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Constitution Day

We the People

Investigate some of the facts surrounding the ratification of the US Constitution.

Constitution Day (or Citizenship Day) is an American federal observance that recognizes the ratification of the United States Constitution and those who have become U.S. citizens. It is usually observed on September 17 the day the U.S. Constitutional Convention signed the Constitution in 1787. The law establishing the holiday was created in 2004 with the passage of an amendment by Senator Robert Byrd to the Omnibus spending bill of 2004.

For more information about Constitution Day, visit the Constitution Center's Constitution Day page here. To learn more about the rich history of the U.S. Constitution visit www.constitutioncenter.org. The National Constitution Center is an independent, non-partisan, and non-profit organization dedicated to increasing public understanding of, and appreciation for, the Constitution, its history, and its contemporary relevance, through an interactive, interpretive facility within Independence National Historic Park and a program of national outreach.

The Centuries of Citizenship: A Constitutional Timeline is an online experience highlighting some of the key dates and events that mark more than 200 years of our constitutional history. These timeline entries, taken as a whole, tell the evolving story of the U.S. Constitution and the continuing role that it plays in our lives. Take part in the online experience.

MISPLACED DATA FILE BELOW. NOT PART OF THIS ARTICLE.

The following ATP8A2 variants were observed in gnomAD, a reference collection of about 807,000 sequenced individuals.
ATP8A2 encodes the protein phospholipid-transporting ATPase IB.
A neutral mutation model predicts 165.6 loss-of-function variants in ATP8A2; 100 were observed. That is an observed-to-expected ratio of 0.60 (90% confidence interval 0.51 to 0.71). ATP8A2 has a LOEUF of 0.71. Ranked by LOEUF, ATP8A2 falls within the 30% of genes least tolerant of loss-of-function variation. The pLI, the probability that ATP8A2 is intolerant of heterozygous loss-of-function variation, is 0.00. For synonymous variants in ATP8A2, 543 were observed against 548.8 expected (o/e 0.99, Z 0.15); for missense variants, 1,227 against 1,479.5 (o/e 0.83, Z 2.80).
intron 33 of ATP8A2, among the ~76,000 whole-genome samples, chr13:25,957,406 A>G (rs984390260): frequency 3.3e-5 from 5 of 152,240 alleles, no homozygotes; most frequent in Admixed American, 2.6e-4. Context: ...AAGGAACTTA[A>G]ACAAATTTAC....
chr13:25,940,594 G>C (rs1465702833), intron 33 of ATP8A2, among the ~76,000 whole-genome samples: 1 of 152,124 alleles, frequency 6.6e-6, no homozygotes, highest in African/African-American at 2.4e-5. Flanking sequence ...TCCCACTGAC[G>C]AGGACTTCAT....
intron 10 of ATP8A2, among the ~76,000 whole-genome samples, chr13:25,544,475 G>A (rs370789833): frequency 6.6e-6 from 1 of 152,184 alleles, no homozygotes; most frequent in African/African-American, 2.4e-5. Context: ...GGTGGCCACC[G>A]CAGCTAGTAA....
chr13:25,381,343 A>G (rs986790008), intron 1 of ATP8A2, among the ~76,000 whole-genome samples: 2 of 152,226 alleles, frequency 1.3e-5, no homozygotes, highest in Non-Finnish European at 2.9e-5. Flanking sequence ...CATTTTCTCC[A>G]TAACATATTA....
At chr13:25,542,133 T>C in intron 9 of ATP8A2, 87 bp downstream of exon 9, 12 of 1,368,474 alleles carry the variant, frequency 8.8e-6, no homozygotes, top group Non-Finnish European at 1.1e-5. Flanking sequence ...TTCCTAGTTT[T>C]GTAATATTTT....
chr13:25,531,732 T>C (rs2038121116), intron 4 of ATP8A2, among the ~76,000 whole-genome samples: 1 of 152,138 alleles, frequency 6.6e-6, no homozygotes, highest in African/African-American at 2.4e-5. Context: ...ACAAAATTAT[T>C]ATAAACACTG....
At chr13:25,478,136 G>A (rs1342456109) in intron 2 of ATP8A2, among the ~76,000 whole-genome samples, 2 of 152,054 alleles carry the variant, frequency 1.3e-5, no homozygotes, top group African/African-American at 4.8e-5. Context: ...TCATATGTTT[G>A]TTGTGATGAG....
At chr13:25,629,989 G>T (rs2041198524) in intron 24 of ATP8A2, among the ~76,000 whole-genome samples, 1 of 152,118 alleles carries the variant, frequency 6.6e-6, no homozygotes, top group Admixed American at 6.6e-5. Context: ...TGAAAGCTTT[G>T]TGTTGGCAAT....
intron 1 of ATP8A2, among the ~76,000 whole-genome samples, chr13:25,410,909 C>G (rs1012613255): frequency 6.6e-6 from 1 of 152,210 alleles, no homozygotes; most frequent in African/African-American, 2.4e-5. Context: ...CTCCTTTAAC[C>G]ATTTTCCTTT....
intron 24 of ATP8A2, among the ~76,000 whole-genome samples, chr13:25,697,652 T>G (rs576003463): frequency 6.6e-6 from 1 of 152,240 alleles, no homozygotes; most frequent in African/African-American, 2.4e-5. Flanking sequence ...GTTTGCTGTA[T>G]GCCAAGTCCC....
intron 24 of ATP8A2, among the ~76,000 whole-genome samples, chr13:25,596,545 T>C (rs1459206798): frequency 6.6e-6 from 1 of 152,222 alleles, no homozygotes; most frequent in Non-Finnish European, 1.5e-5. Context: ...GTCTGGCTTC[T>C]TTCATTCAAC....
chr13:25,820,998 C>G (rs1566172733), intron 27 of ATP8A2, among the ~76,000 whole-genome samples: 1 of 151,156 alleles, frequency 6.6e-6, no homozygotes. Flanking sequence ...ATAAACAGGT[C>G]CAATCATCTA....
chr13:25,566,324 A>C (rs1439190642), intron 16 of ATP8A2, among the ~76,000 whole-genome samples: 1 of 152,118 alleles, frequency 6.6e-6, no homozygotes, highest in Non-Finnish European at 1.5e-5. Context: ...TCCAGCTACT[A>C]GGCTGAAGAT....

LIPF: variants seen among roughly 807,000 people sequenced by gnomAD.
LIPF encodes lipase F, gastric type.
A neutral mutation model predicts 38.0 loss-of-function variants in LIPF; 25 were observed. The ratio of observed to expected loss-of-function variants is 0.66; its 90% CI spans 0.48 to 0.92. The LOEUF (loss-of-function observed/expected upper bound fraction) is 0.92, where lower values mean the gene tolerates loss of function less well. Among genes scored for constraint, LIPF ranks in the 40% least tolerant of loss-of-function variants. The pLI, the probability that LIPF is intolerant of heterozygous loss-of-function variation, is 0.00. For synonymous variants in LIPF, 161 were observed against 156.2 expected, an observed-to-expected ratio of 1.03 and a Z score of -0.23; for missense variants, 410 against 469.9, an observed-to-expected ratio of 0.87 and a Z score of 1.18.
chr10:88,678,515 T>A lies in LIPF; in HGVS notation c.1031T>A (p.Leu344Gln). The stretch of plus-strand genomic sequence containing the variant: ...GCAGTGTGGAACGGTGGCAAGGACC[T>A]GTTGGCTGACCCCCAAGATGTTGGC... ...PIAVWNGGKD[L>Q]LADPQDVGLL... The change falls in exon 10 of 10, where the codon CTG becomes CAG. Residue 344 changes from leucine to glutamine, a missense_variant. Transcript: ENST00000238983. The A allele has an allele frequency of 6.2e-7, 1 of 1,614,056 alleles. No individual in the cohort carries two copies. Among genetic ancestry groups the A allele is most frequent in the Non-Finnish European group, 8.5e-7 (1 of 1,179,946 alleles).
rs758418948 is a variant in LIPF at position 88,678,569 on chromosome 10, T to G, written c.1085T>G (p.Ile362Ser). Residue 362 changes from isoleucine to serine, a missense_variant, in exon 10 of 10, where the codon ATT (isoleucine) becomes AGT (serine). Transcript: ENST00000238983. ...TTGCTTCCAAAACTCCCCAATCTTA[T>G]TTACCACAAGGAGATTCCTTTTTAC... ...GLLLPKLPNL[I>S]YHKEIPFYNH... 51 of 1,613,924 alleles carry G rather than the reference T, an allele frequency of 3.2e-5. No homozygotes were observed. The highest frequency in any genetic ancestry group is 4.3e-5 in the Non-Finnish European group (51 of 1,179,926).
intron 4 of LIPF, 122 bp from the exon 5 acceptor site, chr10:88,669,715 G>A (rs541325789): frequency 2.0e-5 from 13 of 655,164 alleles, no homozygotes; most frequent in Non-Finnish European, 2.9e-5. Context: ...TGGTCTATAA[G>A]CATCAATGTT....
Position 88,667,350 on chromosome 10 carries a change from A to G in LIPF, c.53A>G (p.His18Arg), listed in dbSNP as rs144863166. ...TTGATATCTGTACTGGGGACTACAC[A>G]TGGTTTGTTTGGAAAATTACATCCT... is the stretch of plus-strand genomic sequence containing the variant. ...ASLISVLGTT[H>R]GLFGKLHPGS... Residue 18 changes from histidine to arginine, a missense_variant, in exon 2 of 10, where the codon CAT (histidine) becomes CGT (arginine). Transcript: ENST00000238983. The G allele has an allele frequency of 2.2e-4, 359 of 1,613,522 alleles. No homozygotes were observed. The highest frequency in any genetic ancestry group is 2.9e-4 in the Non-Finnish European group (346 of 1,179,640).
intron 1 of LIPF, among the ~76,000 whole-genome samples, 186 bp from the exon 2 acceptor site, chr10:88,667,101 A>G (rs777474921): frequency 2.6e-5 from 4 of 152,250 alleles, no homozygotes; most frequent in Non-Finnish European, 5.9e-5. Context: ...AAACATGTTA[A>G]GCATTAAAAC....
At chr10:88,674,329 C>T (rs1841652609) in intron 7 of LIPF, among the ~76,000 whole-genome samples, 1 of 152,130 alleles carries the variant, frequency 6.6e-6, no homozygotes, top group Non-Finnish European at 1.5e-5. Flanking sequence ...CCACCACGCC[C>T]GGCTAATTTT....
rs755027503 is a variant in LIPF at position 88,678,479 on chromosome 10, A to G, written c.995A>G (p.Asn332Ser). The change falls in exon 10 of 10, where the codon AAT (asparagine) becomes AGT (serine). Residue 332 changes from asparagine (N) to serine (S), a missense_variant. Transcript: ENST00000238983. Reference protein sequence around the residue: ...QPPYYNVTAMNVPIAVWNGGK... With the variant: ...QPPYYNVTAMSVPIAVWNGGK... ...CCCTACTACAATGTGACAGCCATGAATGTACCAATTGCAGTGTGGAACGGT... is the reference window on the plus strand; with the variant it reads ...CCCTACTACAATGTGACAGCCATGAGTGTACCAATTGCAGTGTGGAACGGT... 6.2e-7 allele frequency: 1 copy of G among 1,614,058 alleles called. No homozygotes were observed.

Additional information can be found at the Library of Congress repository for Constitutional documents and information and the National Archives website for the U.S. Constitution.

10 Fast Facts on the Constitution

  1. The U.S. Constitution was written in the same Pennsylvania State House where the Declaration of Independence was signed and where George Washington received his commission as Commander of the Continental Army. Now called Independence Hall, the building still stands today on Independence Mall in Philadelphia, directly across from the National Constitution Center.
  2. Written in 1787, the Constitution was signed on September 17th. But it wasn't until 1788 that it was ratified by the necessary nine states.
  3. The U.S. Constitution was prepared in secret, behind locked doors that were guarded by sentries.
  4. Some of the original framers and many delegates in the state ratifying conventions were very troubled that the original Constitution lacked a description of individual rights. In 1791, Americans added a list of rights to the Constitution. The first ten amendments became known as The Bill of Rights
  5. Of the 55 delegates attending the Constitutional Convention, 39 signed and 3 delegates dissented. Two of America's "founding fathers" didn't sign the Constitution. Thomas Jefferson was representing his country in France and John Adams was doing the same in Great Britain.
  6. Established on November 26, 1789, the first national "Thanksgiving Day" was originally created by George Washington as a way of "giving thanks" for the Constitution.
  7. Of the written national constitutions, the U.S. Constitution is the oldest and shortest.
  8. At 81, Benjamin Franklin of Pennsylvania was the oldest delegate at the Constitutional Convention and at 26, Jonathon Dayton of New Jersey was the youngest.
  9. The original Constitution is on display at the National Archives in Washington, D.C. When the Japanese bombed Pearl Harbor, it was moved to Fort Knox for safekeeping.
  10. More than 11,000 amendments have been introduced in Congress. Thirty three have gone to the states to be ratified and twenty seven have received the necessary approval from the states to actually become amendments to the Constitution.

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